It’s simplest form was when I was a kid and I hopped on my BMX without wearing a helmet, lycra or even oiling my chain. It represented freedom and fun. Seeing who could do the highest jumps and longest monos was one of the great joys of riding a bike.
This evolved into mountain biking when the craze hit North America. I was obsessed with it. It would take me places I’d never otherwise be able to go and it satisfied my thirst for fitness and adventure.
Then I started racing. I remember my first mountain bike race and watching the Pro-Elites warming up outside their massive trailers thinking “I want to be one of them one day”. I was in awe of them.
I worked incredibly hard to made it to that level and found there was no money, no fast cars, and no swarms of women at the end of this road. It was not glamorous and I discovered it was only the tip of the iceberg into a whole new world.
Mountain biking at a high level naturally led to road racing. This was when I truly uncovered how deep this sport was, and how dirty it could be.
Racing gave me a sense of instant self validation. My motivation was driven by ego. If I did well, I was on top of the world and would want to stay on top. If I didn’t, I would need to redeem myself the next weekend. It was a drug that kept me coming back. You were only as good as their last race, and “success” was a never ending pursuit.
I always enjoyed autumn when I switched from a bike racer to a rider. No more training, no more pressure. I just got out there late in the morning and just rode until I felt like turning around. I would gain a few kilos and didn’t stress about it in the slightest. It was riding in it’s most enjoyable form.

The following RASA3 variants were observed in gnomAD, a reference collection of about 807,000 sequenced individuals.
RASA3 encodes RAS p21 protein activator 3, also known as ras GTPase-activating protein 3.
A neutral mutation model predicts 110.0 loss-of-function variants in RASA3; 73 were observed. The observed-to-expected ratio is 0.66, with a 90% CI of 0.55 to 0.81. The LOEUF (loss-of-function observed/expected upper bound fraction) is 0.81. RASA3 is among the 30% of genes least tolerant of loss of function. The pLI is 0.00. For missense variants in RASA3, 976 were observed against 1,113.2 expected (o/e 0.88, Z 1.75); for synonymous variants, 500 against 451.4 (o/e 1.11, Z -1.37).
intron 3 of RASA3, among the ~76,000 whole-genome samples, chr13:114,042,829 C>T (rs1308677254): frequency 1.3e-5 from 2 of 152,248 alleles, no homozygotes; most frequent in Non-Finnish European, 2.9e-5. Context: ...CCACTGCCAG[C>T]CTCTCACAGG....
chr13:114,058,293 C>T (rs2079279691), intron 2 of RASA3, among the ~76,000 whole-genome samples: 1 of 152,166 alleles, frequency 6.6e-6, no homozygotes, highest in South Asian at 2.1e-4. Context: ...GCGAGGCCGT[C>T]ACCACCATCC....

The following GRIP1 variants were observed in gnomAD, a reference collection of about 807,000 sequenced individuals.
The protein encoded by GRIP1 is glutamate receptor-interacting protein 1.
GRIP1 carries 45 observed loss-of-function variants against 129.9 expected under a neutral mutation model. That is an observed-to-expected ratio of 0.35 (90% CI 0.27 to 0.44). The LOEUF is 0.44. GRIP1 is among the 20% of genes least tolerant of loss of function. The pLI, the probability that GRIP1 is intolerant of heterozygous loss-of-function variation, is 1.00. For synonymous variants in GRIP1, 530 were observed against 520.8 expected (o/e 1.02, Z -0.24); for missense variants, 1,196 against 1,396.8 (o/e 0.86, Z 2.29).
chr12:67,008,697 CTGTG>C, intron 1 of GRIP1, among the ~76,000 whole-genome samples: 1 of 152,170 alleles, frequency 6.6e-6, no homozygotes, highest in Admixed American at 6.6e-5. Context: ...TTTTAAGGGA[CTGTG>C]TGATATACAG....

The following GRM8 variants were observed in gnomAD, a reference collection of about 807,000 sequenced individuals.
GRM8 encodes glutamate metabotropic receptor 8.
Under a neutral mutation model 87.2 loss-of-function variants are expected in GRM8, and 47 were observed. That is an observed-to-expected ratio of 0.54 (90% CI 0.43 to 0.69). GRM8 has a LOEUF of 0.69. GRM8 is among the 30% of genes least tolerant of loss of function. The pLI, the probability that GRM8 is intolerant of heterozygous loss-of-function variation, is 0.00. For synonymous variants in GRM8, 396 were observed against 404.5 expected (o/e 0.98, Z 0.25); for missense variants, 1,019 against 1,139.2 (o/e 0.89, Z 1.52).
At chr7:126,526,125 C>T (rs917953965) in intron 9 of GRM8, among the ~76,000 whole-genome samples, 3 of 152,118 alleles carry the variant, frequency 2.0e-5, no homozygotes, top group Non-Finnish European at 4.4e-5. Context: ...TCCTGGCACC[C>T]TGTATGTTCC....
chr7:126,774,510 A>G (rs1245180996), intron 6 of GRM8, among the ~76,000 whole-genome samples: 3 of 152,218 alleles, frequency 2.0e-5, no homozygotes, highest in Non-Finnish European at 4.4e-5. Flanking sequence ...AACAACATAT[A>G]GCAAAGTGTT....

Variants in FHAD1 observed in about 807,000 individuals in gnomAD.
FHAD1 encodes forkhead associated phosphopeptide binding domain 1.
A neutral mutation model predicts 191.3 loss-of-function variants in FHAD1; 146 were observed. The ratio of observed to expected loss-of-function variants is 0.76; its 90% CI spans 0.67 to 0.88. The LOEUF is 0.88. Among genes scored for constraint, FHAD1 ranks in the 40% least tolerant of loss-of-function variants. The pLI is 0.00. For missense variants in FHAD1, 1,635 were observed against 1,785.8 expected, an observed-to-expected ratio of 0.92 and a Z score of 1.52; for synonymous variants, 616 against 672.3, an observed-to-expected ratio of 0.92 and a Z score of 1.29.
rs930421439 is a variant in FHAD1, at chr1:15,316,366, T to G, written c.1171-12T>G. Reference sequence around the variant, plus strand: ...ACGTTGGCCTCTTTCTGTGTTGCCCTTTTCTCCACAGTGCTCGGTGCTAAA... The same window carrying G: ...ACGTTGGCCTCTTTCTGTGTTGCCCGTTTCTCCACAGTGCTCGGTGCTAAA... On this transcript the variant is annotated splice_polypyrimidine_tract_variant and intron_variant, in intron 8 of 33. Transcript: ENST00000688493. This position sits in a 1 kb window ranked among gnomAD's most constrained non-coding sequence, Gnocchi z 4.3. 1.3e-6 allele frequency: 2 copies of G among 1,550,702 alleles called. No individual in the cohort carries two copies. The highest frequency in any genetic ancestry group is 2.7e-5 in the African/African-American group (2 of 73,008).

I still race, but now it’s for fun. It’s about working towards a common goal with a group of mates and there’s very little ego involved. Winning is a great feeling when it happens to come along, but the way I raced is just as important to me.
I now see the racing chapter of my cycling life coming to a gradual close. I’ve begun to appreciate the pure and simple pleasure of riding with a small group of mates exploring roads I’ve never seen before. No power meters, no heartrate monitors, and no stopwatch. The only competitiveness that exists is a good spirited attack that ends when the first person gives up.
I still love to push myself, get out in horrible weather, and feel the pain in my legs. But it’s about me now, not about trying to challenge someone else.
It seems I’ve come full circle in my journey. I don’t regret one moment of training, racing, suffering, injuries, and the highs and lows it’s brought. It’s given me a life worth living, and has rewarded me with some unimaginable experiences.
Where are you at with your cycling journey and what does it mean to you?